Birmingham Surgeons Use Innovative Treatment for Compression Fractures

May 01, 2006 at 02:51 pm by steve

Dan Michael, MD, examines an X-Ray of a patient with a verterbal ompression facture.

Osteoporosis causes over 700,000 spinal fractures in the United States each year. Vertebral compression fractures (VCF) can result in kyphosis or dowager's hump, a debilitating condition characterized by chronic pain and increased mortality risk. Now, some Birmingham surgeons are getting results in the repair of VCFs using an innovative procedure called balloon kyphoplasty. "This is so much better and safer than our previous treatment options," says Dan Michael, MD. In years past, physicians relied on bracing, combined with pain medication. There were several drawbacks. The narcotics could be addictive and hard for elderly patients to tolerate. And, says Michael, who practices orthopedics at St. Vincent's, "we couldn't reduce the fractures with bracing. People stayed bent over. The only way to restore height was with major surgery. We'd have to put a rod in there and pry it open, which most people didn't want." In the early 1990s, researchers developed a minimally invasive procedure called vertibroplasty, where cement was squirted into the fracture to strengthen the bone. Unfortunately, surgeons were still unable to restore height with this method. To make matters worse, there were potential complications with cement leakage. The development of balloon kyphoplasty appears to have solved these problems. With this minimally invasive procedure, surgeons insert a hollow cannula into the fractured bone, through which an orthopedic balloon is guided into the fracture. The balloon is inflated, raising the collapsed vertebra. Once the vertebra is in the correct position, the balloon is deflated and removed, creating a cavity in the vertebral body. Surgeons fill the cavity with a cement that builds up the vertebra and holds it in place. The procedure usually takes under an hour and can be done with local anesthesia. Kyphoplasty has a low complication rate. "Leakage was a common problem with vertibroplasties," Michael says. "Whereas with kyphoplasty, because you have the cavity and you're putting cement in with light pressure, the leakage rate is very low." Probably more exciting is the fact the kyphoplasty actually restores vertebral body height and spinal alignment. This is significant because the stooped spine causes compression of many vital organs, making it more difficult to breathe, walk, or eat properly. Some studies have shown that a high percentage of patients complaining of chest pains who didn't have heart problems had compression fractures. Kyphosis sufferers have an estimated 24% increase in mortality compared to patients without VCFs. While the majority of kyphoplasty procedures are for osteoporosis related VCFs, surgeons are finding more uses for the treatment. Patrick Pritchard, MD, a neurosurgeon at UAB, has used kyphoplasty with trauma patients. "A lot of times," Pritchard says, "trauma patients with spinal fractures may have other injuries that prohibit them from undergoing a long operation. They may need a quick, non-invasive procedure that doesn't involve much blood loss." In these cases, surgeons might combine kyphoplasty with the standard open surgical procedure. In the case of younger trauma patients, Michael explains that, "because their bone is denser, it's more difficult to move. You've got to get to them pretty soon or it won't work. With one patient in her mid-thirties, I popped two balloons before I was able to get her back up." Pritchard has found kyphoplasty useful for some cancer patients. "For example," he says, "take someone with breast cancer which spreads to the spine, where there is collapse of the bone. The patient may have horrible pain. Although they may only have months to live, we can try to make that time as enjoyable as possible." Pritchard would like to see more randomized studies of kyphoplasty. "There's a big push for evidence based medicine," he says. Class one, which is a prospective, randomized controlled trial, is considered the highest level of evidence. "The problem," Pritchard says, "is that nobody wants to be randomized. They all want the kyphoplasty treatment." Nonetheless, Pritchard believes more good studies will be done. In fact, UAB has been invited to participate in a study comparing kyphoplasty with vertibroplasty. As to the future, Pritchard says that the Europeans are experimenting with different filler substances. "Instead of putting a piece of acrylic cement in that's going to stay acrylic cement forever," he says, "they're using a calcium that's extended with growth factors that may turn over into bone."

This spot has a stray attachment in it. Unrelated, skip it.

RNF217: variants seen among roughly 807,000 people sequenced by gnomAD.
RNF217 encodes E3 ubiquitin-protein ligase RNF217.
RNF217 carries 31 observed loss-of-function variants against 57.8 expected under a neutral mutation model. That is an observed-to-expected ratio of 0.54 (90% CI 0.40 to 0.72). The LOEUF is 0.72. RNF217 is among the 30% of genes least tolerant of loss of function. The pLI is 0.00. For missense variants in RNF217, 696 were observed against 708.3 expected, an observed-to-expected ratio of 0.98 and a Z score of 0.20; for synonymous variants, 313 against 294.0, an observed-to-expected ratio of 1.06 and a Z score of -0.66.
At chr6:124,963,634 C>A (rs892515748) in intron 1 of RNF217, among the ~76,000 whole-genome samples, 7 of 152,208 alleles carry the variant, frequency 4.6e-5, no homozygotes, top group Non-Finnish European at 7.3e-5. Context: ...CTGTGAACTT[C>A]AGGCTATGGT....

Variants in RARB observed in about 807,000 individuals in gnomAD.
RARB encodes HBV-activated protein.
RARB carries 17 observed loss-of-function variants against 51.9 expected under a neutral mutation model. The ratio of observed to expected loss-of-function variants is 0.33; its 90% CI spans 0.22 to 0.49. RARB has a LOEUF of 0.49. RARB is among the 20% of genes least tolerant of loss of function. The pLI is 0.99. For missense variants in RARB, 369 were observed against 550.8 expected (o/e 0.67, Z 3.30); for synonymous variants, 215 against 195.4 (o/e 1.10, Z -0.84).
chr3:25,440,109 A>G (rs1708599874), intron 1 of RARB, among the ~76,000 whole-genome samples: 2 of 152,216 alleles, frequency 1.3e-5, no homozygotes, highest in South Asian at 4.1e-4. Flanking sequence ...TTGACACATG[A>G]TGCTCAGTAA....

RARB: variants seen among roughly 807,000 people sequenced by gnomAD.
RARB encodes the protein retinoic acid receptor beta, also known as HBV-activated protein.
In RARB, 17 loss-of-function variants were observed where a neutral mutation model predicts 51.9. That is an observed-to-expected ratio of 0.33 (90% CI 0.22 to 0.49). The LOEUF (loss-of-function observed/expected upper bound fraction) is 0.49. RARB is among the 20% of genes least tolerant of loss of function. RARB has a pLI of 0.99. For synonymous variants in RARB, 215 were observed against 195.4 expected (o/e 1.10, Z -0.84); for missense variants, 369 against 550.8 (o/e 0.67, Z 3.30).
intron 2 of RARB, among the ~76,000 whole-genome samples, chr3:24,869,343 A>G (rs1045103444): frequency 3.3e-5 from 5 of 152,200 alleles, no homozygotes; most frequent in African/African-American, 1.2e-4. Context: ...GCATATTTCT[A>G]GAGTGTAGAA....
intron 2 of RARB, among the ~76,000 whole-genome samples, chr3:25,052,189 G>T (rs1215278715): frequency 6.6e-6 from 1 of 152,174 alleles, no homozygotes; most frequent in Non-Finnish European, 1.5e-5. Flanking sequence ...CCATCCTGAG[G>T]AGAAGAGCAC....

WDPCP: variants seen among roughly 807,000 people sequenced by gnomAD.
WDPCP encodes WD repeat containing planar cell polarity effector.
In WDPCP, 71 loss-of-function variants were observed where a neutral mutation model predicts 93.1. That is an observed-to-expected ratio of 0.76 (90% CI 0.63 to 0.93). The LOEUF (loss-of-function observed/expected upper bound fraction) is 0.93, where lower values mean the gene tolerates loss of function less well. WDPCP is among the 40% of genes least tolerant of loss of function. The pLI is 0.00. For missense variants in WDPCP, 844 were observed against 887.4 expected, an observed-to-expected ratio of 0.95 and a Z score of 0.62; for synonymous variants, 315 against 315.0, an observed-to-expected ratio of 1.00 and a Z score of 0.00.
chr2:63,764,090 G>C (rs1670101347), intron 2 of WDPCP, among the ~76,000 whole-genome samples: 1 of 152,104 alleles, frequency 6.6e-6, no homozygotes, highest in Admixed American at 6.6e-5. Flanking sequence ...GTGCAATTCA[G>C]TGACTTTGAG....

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Apr 23, 2024 at 10:42 am by kbarrettalley

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